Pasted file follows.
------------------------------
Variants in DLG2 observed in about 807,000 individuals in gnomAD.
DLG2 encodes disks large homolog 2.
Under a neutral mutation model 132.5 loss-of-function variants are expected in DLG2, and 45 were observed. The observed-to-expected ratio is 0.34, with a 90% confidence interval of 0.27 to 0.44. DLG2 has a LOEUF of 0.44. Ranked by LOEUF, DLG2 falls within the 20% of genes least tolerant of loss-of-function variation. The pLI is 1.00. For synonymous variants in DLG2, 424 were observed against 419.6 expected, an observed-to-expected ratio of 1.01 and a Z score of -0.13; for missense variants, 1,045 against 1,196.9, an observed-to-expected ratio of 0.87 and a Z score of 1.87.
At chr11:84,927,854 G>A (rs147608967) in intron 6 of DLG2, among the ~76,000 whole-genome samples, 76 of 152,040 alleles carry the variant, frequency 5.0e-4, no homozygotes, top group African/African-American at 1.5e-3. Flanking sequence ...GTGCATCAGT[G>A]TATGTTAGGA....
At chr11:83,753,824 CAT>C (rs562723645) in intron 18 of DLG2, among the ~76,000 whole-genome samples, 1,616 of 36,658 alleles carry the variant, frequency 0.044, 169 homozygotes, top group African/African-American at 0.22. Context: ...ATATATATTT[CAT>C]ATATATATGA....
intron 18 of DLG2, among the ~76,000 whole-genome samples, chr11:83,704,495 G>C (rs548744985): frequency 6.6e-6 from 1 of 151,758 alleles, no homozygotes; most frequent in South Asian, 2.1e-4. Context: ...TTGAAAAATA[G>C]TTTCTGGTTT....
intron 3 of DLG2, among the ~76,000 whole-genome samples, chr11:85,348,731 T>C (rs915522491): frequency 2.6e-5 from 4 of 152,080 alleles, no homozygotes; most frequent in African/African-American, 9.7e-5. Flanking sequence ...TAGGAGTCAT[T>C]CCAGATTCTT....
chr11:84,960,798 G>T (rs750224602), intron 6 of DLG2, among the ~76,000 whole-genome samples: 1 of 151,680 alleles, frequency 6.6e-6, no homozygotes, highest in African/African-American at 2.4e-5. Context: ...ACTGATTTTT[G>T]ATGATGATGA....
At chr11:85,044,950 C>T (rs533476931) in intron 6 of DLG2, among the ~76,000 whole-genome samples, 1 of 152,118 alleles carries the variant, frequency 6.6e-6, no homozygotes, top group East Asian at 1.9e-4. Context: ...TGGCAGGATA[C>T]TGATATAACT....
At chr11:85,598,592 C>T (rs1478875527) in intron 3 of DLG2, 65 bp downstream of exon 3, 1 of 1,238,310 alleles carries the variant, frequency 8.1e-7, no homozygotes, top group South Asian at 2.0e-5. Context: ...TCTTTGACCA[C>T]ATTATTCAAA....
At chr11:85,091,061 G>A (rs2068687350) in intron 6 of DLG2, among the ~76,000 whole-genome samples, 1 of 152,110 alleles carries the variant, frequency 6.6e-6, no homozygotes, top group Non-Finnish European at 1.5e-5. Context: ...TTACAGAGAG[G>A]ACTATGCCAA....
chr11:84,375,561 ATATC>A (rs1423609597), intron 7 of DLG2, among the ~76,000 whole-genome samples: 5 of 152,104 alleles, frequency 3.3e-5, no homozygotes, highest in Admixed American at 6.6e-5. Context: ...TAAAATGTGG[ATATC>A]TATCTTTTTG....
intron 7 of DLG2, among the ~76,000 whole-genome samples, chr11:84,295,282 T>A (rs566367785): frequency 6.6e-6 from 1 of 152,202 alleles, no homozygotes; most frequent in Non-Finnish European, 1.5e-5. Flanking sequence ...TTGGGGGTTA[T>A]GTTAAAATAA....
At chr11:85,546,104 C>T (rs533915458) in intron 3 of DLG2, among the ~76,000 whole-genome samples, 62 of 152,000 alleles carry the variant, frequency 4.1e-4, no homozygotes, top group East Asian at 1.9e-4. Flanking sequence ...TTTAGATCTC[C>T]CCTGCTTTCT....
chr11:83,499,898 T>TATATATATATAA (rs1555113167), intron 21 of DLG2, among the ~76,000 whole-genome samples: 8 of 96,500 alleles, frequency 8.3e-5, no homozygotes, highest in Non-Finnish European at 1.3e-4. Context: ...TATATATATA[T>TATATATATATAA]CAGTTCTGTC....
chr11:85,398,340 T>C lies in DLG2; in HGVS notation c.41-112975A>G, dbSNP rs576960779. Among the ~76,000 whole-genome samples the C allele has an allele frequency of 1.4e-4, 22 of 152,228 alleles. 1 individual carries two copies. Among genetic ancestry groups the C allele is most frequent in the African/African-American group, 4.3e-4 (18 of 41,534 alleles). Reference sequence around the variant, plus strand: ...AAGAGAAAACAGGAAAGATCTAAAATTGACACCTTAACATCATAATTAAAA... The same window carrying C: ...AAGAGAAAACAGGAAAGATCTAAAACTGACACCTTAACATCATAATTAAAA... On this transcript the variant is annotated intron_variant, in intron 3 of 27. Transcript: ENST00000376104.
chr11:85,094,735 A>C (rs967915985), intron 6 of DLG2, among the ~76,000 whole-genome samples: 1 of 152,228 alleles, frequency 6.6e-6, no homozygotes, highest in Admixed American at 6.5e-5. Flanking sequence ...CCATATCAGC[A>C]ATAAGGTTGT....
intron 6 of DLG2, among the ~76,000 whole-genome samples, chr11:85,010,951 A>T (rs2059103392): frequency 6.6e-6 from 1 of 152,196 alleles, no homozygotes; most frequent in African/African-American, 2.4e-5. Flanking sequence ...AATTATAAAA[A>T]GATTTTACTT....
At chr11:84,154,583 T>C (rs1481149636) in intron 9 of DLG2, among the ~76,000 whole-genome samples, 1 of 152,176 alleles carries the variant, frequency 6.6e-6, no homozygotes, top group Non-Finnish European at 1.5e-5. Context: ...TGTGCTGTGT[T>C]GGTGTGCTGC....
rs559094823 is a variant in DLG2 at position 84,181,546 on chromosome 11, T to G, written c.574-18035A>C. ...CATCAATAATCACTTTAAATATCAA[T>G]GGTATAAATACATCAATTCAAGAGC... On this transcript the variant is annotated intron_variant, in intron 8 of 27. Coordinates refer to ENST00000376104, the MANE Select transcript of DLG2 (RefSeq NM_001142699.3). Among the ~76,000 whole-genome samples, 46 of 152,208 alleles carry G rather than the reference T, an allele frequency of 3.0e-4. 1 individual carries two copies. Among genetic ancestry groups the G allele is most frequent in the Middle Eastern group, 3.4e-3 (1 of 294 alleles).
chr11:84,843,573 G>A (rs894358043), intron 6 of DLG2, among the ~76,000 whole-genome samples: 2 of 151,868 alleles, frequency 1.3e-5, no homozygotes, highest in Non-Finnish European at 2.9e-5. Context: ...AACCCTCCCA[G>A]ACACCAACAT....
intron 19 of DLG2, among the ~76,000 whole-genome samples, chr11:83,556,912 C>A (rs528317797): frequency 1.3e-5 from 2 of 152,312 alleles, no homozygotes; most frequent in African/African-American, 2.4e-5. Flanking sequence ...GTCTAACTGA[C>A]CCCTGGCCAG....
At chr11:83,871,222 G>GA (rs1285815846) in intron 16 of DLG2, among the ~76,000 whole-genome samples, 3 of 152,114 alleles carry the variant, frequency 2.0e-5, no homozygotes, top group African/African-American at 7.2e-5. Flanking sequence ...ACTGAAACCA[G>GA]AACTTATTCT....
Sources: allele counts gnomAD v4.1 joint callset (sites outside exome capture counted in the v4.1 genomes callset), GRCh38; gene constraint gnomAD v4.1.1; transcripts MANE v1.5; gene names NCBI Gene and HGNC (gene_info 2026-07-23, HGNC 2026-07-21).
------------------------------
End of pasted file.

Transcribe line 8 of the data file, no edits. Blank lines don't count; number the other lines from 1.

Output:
chr11:84,960,798 G>T (rs750224602), intron 6 of DLG2, among the ~76,000 whole-genome samples: 1 of 151,680 alleles, frequency 6.6e-6, no homozygotes, highest in African/African-American at 2.4e-5. Context: ...ACTGATTTTT[G>T]ATGATGATGA....